Amazon moves drone research overseas

Amazon.com told U.S. regulators that it has begun testing deliveries by unmanned aircraft, or drones, in other countries and will divert more research abroad if the government doesn’t let it conduct such tests locally.

In a Dec. 7 letter to the Federal Aviation Administration, Amazon, the largest Internet retailer, urged the agency to quickly grant the Seattle-based company permission to test drones outside of laboratories in Washington state. The company proposes to fly the drones on private property in a rural area, supervised by trained pilots, according to the letter, which was a response to questions from the FAA.

Amazon, which unveiled plans to use drones last year, said it wants them to deliver light packages to customers in 30 minutes or less. In July, Amazon sought permission to test the drones outdoors, based on an FAA request for comments on possible exemptions to its ban on commercial drone operations. The latest letter expressed concern that the FAA may be impeding technology innovation in the U.S.

“In the absence of timely approval by the FAA to conduct outdoor testing, we have begun utilizing outdoor testing facilities outside the United States,” Paul Misener, Amazon’s vice president of global policy, wrote in the letter. “It is our continued desire to also pursue fast-paced innovation in the United States, which would include the creation of high-quality jobs and significant investment in the local community.”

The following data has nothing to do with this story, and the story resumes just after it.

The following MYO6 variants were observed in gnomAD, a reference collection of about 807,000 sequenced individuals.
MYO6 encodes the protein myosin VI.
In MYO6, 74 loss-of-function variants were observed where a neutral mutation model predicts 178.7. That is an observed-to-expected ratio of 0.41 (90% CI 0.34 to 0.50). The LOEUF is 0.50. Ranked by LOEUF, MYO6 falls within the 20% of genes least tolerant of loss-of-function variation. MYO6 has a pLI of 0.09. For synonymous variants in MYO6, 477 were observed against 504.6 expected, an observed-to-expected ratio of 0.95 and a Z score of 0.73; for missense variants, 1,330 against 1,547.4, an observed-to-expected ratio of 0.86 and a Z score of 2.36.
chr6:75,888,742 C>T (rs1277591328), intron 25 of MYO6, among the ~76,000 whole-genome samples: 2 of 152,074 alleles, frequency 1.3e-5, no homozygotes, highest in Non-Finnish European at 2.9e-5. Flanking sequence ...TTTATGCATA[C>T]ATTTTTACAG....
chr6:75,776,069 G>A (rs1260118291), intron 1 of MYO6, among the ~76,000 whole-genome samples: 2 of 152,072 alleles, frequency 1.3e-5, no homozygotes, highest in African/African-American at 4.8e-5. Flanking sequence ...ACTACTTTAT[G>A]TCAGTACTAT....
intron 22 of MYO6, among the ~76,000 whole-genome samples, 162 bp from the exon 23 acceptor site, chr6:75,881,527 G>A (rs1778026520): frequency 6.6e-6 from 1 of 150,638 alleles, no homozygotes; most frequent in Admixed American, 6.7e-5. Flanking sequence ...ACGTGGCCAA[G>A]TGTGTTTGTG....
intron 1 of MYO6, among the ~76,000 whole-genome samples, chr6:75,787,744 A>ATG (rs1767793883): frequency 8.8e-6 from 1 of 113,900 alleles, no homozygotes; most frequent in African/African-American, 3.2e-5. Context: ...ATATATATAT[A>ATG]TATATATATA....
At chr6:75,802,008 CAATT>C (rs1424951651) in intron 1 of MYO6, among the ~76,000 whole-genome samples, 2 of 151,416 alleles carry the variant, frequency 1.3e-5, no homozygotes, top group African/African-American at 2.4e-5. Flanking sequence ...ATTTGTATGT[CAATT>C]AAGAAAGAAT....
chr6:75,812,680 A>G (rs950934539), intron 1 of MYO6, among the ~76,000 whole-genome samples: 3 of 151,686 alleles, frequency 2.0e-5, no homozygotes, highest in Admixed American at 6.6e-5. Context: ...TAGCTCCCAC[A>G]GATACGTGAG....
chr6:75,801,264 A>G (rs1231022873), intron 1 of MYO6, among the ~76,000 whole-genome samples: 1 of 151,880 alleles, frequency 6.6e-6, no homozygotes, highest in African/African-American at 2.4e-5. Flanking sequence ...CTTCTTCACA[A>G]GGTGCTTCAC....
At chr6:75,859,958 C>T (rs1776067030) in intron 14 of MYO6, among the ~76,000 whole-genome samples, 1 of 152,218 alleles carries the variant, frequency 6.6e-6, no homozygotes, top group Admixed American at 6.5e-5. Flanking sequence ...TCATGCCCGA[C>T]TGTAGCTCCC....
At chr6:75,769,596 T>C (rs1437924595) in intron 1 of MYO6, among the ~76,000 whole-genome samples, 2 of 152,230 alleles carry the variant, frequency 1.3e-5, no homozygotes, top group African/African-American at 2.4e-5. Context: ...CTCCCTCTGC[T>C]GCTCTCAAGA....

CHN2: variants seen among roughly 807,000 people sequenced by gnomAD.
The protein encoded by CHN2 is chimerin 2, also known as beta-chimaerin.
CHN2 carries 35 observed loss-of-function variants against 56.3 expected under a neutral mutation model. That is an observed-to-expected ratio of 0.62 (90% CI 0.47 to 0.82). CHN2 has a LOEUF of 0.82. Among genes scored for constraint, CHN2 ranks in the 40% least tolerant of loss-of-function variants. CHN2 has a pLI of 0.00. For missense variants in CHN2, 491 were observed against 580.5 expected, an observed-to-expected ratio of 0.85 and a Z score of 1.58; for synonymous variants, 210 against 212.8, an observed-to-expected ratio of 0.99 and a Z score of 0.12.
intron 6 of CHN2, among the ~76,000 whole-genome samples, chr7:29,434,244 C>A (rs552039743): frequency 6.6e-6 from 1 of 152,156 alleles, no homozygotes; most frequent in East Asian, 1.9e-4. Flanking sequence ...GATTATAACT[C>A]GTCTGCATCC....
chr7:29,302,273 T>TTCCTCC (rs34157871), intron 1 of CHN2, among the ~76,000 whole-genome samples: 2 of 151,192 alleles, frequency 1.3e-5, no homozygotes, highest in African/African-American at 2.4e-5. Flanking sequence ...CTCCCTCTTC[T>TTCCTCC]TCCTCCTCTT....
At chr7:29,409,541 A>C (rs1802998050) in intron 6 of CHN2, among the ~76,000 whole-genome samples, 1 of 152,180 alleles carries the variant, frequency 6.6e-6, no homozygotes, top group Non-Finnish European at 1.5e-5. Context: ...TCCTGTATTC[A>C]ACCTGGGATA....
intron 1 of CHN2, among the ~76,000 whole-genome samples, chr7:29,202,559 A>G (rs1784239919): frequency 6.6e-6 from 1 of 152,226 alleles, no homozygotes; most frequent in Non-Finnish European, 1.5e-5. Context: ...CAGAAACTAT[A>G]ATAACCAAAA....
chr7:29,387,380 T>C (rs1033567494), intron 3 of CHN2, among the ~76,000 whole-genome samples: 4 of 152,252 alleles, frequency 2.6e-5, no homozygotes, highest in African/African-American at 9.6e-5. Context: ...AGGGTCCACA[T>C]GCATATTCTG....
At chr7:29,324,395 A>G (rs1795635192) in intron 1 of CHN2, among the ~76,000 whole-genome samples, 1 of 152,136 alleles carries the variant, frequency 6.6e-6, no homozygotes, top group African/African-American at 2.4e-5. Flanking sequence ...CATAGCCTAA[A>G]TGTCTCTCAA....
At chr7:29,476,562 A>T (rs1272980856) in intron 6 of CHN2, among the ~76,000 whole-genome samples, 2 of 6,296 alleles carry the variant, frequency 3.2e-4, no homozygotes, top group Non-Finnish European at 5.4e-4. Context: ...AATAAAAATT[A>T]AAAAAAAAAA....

In September, the FAA granted permission for seven Hollywood production companies to use drones for filming through the same program under which Amazon is requesting a waiver. Those are the only commercial drone users permitted in the continental U.S. Two oil companies were also previously granted permits to use drones in Arctic regions of Alaska.

The FAA said it’s reviewing Amazon’s letter.

“The agency has designated an inspector to work closely with representatives from Amazon on its request for an experimental certificate to conduct research and development of unmanned aircraft,” the agency said in an e-mail. “The FAA is currently waiting for additional information from the company to complete the application. Since 2005, the FAA has issued over 200 initial and recurrent experimental research and development certificates to unmanned aircraft operations.”

Amazon’s proposed deliveries won’t be permitted initially in the U.S., according to a Nov. 7, 2013, FAA document outlining the types of commercial drone flights it expects to allow. The agency said it wouldn’t permit commercial drone flights without a pilot at the controls, and Amazon has said it wants to have its package-delivery drone fly automatically.